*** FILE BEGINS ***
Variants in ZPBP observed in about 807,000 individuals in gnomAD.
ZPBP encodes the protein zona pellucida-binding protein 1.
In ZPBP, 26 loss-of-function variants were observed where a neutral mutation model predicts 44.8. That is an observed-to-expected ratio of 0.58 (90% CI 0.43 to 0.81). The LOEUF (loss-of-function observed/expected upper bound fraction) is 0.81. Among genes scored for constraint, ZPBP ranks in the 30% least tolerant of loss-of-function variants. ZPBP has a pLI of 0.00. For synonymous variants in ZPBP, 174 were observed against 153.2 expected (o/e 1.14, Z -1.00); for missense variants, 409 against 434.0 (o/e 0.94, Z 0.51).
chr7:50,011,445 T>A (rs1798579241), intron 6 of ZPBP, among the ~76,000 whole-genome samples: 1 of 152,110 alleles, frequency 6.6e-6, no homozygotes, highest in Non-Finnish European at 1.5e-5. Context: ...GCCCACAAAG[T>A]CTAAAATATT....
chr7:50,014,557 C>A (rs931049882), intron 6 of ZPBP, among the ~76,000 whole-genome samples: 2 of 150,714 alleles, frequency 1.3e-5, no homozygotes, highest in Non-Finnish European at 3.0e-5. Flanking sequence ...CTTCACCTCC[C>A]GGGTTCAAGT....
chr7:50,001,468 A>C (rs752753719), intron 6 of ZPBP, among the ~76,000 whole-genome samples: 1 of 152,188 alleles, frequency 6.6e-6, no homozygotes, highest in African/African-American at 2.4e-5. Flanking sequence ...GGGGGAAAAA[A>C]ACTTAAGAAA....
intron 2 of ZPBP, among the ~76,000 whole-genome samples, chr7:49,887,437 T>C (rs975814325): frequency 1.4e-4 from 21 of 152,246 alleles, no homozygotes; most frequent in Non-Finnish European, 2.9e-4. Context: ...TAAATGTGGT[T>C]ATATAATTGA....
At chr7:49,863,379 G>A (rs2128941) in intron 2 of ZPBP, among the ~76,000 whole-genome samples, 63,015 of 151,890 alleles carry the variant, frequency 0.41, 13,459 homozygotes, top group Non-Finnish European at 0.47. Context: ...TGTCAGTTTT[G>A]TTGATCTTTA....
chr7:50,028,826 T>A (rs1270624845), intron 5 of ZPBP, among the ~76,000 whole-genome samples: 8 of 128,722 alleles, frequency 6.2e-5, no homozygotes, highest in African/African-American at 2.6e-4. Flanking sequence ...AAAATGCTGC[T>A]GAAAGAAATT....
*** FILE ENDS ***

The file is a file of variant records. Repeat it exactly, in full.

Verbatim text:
Variants in ZPBP observed in about 807,000 individuals in gnomAD.
ZPBP encodes the protein zona pellucida-binding protein 1.
In ZPBP, 26 loss-of-function variants were observed where a neutral mutation model predicts 44.8. That is an observed-to-expected ratio of 0.58 (90% CI 0.43 to 0.81). The LOEUF (loss-of-function observed/expected upper bound fraction) is 0.81. Among genes scored for constraint, ZPBP ranks in the 30% least tolerant of loss-of-function variants. ZPBP has a pLI of 0.00. For synonymous variants in ZPBP, 174 were observed against 153.2 expected (o/e 1.14, Z -1.00); for missense variants, 409 against 434.0 (o/e 0.94, Z 0.51).
chr7:50,011,445 T>A (rs1798579241), intron 6 of ZPBP, among the ~76,000 whole-genome samples: 1 of 152,110 alleles, frequency 6.6e-6, no homozygotes, highest in Non-Finnish European at 1.5e-5. Context: ...GCCCACAAAG[T>A]CTAAAATATT....
chr7:50,014,557 C>A (rs931049882), intron 6 of ZPBP, among the ~76,000 whole-genome samples: 2 of 150,714 alleles, frequency 1.3e-5, no homozygotes, highest in Non-Finnish European at 3.0e-5. Flanking sequence ...CTTCACCTCC[C>A]GGGTTCAAGT....
chr7:50,001,468 A>C (rs752753719), intron 6 of ZPBP, among the ~76,000 whole-genome samples: 1 of 152,188 alleles, frequency 6.6e-6, no homozygotes, highest in African/African-American at 2.4e-5. Flanking sequence ...GGGGGAAAAA[A>C]ACTTAAGAAA....
intron 2 of ZPBP, among the ~76,000 whole-genome samples, chr7:49,887,437 T>C (rs975814325): frequency 1.4e-4 from 21 of 152,246 alleles, no homozygotes; most frequent in Non-Finnish European, 2.9e-4. Context: ...TAAATGTGGT[T>C]ATATAATTGA....
At chr7:49,863,379 G>A (rs2128941) in intron 2 of ZPBP, among the ~76,000 whole-genome samples, 63,015 of 151,890 alleles carry the variant, frequency 0.41, 13,459 homozygotes, top group Non-Finnish European at 0.47. Context: ...TGTCAGTTTT[G>A]TTGATCTTTA....
chr7:50,028,826 T>A (rs1270624845), intron 5 of ZPBP, among the ~76,000 whole-genome samples: 8 of 128,722 alleles, frequency 6.2e-5, no homozygotes, highest in African/African-American at 2.6e-4. Flanking sequence ...AAAATGCTGC[T>A]GAAAGAAATT....